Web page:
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Businessman “feint” currency difficulties in Angola and bets on recycling to maintain production

AOpacks Angola – an Angolan plastic processing company – decided to invest in local recycled products, purchased from waste collectors, to maintain its production due to the constraints imposed by the exchange rate devaluation for the import of plastic materials.

: Facebook da Aopacks
Facebook da Aopacks  

AOpacks Angola, a plastic transformation industry, produces packaging, disposable materials, components and systems for the civil construction sector and is one of the more than a thousand exhibitors that present their products, from this Tuesday until Saturday, at the 38th edition of the Luanda International Fair (Filda).

Speaking to Lusa, Erick dos Santos Martins, the company's commercial and administrative director, said that the country's current macroeconomic scenario, marked by the devaluation of the kwanza and the shortage of foreign exchange, led the company to focus on recycling.

"We are very concerned about [the current economic situation] and we are mainly attentive to the exchange rate devaluation and that is why we are betting precisely on recycling, since plastic 'commodities', with this exchange rate fluctuation, have increased their prices", said the Brazilian manager.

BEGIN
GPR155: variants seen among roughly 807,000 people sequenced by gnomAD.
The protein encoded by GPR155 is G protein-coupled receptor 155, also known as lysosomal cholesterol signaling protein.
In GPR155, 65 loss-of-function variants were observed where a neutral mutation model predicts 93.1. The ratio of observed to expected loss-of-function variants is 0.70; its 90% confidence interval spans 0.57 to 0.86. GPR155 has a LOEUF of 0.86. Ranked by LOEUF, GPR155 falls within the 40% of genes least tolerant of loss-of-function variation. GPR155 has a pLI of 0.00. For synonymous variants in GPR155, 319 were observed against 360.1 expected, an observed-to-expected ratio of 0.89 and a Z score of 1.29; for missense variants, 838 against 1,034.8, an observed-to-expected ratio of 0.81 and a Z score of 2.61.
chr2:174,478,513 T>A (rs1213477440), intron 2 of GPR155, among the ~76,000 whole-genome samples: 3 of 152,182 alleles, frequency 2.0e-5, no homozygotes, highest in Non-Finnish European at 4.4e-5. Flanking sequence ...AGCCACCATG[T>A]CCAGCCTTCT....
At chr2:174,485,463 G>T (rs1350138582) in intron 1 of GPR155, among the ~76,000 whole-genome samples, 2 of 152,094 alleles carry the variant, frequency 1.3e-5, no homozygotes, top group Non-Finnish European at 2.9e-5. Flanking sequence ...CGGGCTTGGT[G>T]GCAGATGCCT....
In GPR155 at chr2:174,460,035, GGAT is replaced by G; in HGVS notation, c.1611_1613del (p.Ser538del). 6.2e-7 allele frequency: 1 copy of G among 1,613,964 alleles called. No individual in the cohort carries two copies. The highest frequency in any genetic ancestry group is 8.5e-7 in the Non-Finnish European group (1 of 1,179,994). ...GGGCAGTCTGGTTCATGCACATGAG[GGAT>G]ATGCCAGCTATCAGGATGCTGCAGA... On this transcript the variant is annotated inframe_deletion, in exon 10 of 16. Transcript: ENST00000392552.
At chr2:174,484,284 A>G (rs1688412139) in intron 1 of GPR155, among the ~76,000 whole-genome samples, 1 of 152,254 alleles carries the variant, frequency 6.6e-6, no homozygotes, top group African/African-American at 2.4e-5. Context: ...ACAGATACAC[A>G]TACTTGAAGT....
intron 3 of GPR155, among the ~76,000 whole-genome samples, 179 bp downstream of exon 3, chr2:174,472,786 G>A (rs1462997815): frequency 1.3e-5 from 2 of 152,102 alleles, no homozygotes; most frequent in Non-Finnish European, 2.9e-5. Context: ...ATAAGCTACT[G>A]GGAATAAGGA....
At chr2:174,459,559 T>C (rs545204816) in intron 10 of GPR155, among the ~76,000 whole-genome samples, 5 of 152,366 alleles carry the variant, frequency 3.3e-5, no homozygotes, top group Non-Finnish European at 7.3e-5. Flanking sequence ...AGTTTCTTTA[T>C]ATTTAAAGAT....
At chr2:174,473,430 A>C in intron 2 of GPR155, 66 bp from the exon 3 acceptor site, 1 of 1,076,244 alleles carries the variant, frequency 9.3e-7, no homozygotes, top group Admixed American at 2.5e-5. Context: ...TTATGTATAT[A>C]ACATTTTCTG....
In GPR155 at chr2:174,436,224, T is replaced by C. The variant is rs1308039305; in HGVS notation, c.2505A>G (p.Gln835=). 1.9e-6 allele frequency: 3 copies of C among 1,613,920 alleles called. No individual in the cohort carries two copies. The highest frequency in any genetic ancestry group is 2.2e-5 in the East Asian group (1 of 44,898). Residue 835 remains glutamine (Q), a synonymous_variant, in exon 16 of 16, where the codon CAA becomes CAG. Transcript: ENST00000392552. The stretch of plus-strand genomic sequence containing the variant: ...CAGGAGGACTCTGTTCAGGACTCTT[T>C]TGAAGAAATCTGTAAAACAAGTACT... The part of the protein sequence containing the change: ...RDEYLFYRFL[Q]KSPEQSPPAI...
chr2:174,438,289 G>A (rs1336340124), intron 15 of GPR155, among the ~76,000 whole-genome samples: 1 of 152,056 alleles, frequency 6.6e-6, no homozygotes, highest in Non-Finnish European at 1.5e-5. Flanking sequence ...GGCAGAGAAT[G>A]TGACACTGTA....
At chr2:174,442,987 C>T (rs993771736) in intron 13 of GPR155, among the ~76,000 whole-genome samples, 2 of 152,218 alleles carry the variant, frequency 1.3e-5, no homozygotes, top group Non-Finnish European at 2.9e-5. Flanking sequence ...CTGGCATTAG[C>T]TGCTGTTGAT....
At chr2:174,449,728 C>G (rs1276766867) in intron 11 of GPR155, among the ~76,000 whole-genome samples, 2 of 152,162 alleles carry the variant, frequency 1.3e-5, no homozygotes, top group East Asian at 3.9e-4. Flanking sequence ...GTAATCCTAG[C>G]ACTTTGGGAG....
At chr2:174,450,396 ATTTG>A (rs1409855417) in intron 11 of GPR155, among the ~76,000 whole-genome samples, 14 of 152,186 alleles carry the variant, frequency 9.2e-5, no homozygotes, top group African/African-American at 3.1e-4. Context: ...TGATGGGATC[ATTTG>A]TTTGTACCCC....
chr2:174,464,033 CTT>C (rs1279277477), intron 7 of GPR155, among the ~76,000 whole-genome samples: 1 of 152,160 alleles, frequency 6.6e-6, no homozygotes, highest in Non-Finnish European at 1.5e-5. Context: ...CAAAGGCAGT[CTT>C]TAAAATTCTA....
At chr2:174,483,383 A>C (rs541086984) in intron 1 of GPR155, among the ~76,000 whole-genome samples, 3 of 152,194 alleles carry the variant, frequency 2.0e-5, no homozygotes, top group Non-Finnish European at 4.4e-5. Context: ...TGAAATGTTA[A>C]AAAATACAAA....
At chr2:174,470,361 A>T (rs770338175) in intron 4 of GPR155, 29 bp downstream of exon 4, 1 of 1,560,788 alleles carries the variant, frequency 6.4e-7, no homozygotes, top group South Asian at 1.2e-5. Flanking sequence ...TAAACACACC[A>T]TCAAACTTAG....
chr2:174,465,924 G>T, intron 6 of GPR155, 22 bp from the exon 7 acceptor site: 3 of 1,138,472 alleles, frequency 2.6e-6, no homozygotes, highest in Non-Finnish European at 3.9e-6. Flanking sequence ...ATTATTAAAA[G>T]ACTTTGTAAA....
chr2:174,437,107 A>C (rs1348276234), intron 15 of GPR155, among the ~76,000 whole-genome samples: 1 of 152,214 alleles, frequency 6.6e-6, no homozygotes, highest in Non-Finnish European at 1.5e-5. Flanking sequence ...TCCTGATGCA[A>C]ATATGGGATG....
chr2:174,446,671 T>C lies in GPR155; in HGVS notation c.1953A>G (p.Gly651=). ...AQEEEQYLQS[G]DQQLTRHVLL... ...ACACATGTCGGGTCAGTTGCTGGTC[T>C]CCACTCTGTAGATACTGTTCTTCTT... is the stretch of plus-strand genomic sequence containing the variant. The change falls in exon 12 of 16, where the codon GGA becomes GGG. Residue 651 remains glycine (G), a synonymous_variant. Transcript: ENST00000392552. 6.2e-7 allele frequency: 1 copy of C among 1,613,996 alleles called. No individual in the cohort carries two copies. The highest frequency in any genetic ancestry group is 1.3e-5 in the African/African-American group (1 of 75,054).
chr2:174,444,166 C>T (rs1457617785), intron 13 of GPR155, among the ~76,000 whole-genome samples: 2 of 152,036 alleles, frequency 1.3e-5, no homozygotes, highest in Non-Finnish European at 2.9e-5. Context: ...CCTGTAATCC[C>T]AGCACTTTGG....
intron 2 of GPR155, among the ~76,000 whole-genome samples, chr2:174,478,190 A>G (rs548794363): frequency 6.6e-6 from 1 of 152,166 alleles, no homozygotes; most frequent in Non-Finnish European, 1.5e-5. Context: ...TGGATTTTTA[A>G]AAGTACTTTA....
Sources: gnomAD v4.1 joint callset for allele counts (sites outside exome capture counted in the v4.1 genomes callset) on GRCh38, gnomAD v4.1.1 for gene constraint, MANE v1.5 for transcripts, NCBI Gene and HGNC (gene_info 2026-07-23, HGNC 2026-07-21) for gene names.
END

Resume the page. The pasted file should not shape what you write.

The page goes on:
In view of the currency devaluation, the company, with 100 percent national labor, decided to create alternatives using recycled products, collaborating with waste collectors.

"We had to create alternatives that are recycled products, which generate jobs, where we work in partnership with communities of waste collectors", he stressed.

"All of this has fostered and brought new jobs and helped us to see a new perspective within our investment and our work", said Erick dos Santos Martins, who brought the transformation of plastic as a motto for Filda.

According to the businessman, the transformation of plastic appears as the motto of his exhibition at the Luanda fair because the company opts for its reuse, rejecting the idea of seeing plastic as "the great villain".

"Plastic, without proper recycling and without proper reuse, is a villain, so we brought the news that they are products made from national recycled products", he justified.

The plastic business, he added, "is profitable from the moment there is work", noting, however, that despite the reduction in its consumption, due to the country's current situation, work does not stop, and it is already planning the business enlargement.

"We know that we are not going through an easy period, where consumption decreases, but that does not discourage us and we believe that things will improve, we are working hard so that we are positioned in the market", he concluded.

The 38th edition of Filda, inaugurated this Tuesday by the President, João Lourenço, takes place in the Special Economic Zone (ZEE) Luanda-Bengo until Saturday.


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